With the expansion of the railroad network throughout Europe during the mid-to-latter part of the 1800s, city-to-city travel time was cut down considerably. In American, during the bloody Civil War (1861-1865), the train saw viable use as a military component. These vehicles, though limited in their reach by where track had been laid, nevertheless provided unparalleled access to the battlefield in the way of transporting troops, supplies and weaponry at speed over great distances in what would have taken weeks to accomplish on roads. In some instances, trains were armored and armed and this opened up a whole new realm of combat.
At the turn of the century, Europe saw tensions spill over to become World War 1 (1914-1918) and the train encountered renewed interest as a battlefield component. Beyond their obvious transportation value, armored types and railway guns were devised by the Empires. The nation of Poland followed the lead and, in 1918, introduced their first armored train - PP Nr.1 "Pilsudczyk" - named after Polish Army Commander-in-Chief Josef Pilsudski.
Pilsudczyk was made possible by the Polish capture of an Austro-Hungarian armored train (Pz.Zug V) during World War 1. After the war, the collapse of several key European empires (namely Germany, Ottoman, Russia and Austria-Hungary) meant power vacuums and instability all across the region. Russia, for its part, fell into civil war and there ultimately was seen a war between Poland and the newly-christened Soviet Union. This conflict spanned from February of 1919 until March of 1921 and ended as a Polish victory.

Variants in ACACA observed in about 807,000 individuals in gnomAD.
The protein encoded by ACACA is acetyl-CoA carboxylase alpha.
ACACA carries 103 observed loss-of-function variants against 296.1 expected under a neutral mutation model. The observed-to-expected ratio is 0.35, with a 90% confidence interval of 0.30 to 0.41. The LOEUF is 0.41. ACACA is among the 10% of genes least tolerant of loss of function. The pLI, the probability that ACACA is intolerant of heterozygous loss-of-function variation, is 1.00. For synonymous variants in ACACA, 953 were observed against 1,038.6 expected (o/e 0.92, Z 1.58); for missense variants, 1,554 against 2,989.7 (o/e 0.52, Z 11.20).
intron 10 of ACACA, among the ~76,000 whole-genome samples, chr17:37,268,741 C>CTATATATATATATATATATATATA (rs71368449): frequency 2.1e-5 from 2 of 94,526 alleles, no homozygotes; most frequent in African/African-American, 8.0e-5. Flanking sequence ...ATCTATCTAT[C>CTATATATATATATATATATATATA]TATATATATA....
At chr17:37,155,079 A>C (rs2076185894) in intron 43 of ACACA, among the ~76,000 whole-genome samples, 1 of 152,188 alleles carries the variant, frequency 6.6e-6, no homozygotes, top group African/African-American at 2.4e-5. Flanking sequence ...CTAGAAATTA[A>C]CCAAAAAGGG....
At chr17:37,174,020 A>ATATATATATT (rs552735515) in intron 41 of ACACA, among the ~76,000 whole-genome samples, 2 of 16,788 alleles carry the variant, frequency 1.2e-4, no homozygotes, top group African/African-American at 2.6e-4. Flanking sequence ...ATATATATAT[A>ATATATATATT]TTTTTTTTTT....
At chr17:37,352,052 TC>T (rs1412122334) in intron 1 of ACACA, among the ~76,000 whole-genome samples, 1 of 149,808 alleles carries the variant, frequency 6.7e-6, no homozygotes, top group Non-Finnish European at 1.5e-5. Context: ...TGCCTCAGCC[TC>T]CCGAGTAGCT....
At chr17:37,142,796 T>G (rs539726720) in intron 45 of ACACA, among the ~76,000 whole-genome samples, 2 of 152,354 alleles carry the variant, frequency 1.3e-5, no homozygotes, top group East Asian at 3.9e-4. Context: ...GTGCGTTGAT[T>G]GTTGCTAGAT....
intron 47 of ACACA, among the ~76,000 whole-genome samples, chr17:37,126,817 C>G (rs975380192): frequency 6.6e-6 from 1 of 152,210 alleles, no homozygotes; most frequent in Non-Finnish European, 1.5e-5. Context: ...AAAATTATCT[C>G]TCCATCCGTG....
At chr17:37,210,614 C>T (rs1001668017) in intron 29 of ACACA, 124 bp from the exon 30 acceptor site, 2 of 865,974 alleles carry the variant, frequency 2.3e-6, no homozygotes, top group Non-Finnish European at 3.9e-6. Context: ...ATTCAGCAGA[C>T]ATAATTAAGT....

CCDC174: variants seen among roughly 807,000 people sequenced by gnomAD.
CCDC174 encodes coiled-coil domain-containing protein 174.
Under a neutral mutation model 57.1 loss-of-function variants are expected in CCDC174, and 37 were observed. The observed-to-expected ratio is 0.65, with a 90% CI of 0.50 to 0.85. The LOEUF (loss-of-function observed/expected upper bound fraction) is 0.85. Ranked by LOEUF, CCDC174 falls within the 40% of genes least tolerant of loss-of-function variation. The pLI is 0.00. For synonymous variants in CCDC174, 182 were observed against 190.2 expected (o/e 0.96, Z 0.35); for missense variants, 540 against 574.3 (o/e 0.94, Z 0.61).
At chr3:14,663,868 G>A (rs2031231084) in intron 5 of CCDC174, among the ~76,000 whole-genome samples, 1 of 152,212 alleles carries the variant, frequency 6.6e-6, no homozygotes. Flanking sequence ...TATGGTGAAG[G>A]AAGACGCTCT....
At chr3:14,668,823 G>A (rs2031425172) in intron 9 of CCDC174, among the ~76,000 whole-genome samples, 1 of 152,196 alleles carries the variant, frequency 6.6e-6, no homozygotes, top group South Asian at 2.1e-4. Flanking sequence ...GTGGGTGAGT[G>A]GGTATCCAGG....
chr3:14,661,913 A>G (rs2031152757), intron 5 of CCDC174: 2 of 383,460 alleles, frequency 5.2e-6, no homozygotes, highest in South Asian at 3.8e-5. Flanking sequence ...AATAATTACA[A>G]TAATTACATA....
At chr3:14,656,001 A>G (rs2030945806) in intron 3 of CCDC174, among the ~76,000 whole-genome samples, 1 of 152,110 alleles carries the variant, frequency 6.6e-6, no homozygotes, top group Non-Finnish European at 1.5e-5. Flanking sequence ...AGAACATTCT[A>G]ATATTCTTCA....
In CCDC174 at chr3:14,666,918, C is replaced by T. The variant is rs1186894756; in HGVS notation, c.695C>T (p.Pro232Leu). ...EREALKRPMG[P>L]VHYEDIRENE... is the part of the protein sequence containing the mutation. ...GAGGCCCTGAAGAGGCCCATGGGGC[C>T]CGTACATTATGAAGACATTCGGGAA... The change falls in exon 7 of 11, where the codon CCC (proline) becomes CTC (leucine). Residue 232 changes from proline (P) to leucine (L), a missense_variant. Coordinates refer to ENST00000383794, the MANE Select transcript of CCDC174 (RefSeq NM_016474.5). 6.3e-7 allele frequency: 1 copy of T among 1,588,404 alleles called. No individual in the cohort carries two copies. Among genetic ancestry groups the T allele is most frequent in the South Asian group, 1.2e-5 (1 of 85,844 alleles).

The Polish tactic in regards to Pilsudczyk was to feature the main "combat train" section supported by various supply sections (a pair of artillery wagons, a pair of infantry carriers, and a assault wagon was the original standard arrangement). Over 100 troops were involved in its operation and dozens more were carried to directly assault enemy positions on foot (assault squads). Flat railcars allowed light tanks to also be hauled along the railway line with the train and these vehicles could engage with their guns and, in some instances, disembark to fight alongside the train and its accompanying infantry squads.
Primary armament for Pilsudczyk was 2 x 76mm Model 1902 Divisional Guns of Russian origin and these were supported by 2 x 100mm Haubica wz. 1914/1919 howitzers taken from the Austro-Hungarians. As many as nineteen machine guns were arranged about the train to provide maximum defense from enemy infantry and aircraft.
The armored train continued to play a role in the war between Poland and the Soviet Union. Pilsudczyk served in the Battle of Lwow where Polish forces were victorious over the Ukrainians and it was at this point that the original train was divided in two - as "Pilsudczyk" and the second train "Smialy". The original vehicle saw more action along the Ukrainian Front from 1919 to 1920 where it sparred with Bolshevik elements and exchanged fire directly with armored trains of the enemy - at least four enemy trains were captured by Pilsudczyk. Following the war, Pilsudczyk was stationed near the German border and participated in the Silesian Uprisings - the Polish resistance to German rule.
From there, Pilsudczyk was held in reserve as Europe continued to rebuild after World War 1. It was repaired and served as a training platform "between the wars" while retaining its combat capabilities should it be needed. It was not until 1939 that the system was brought online during the joint German-Soviet invasion of Poland and, by this time, the vehicle had received several modernized components including an armored locomotive and radio communications.
In the war, the train fought valiantly in the defense of the Polish homeland but was ultimately outnumbered and outdone by German air and ground support - which removed much of the usefulness of the Polish railway network. Pilsudczyk was destroyed by its own crew on September 20th, 1939.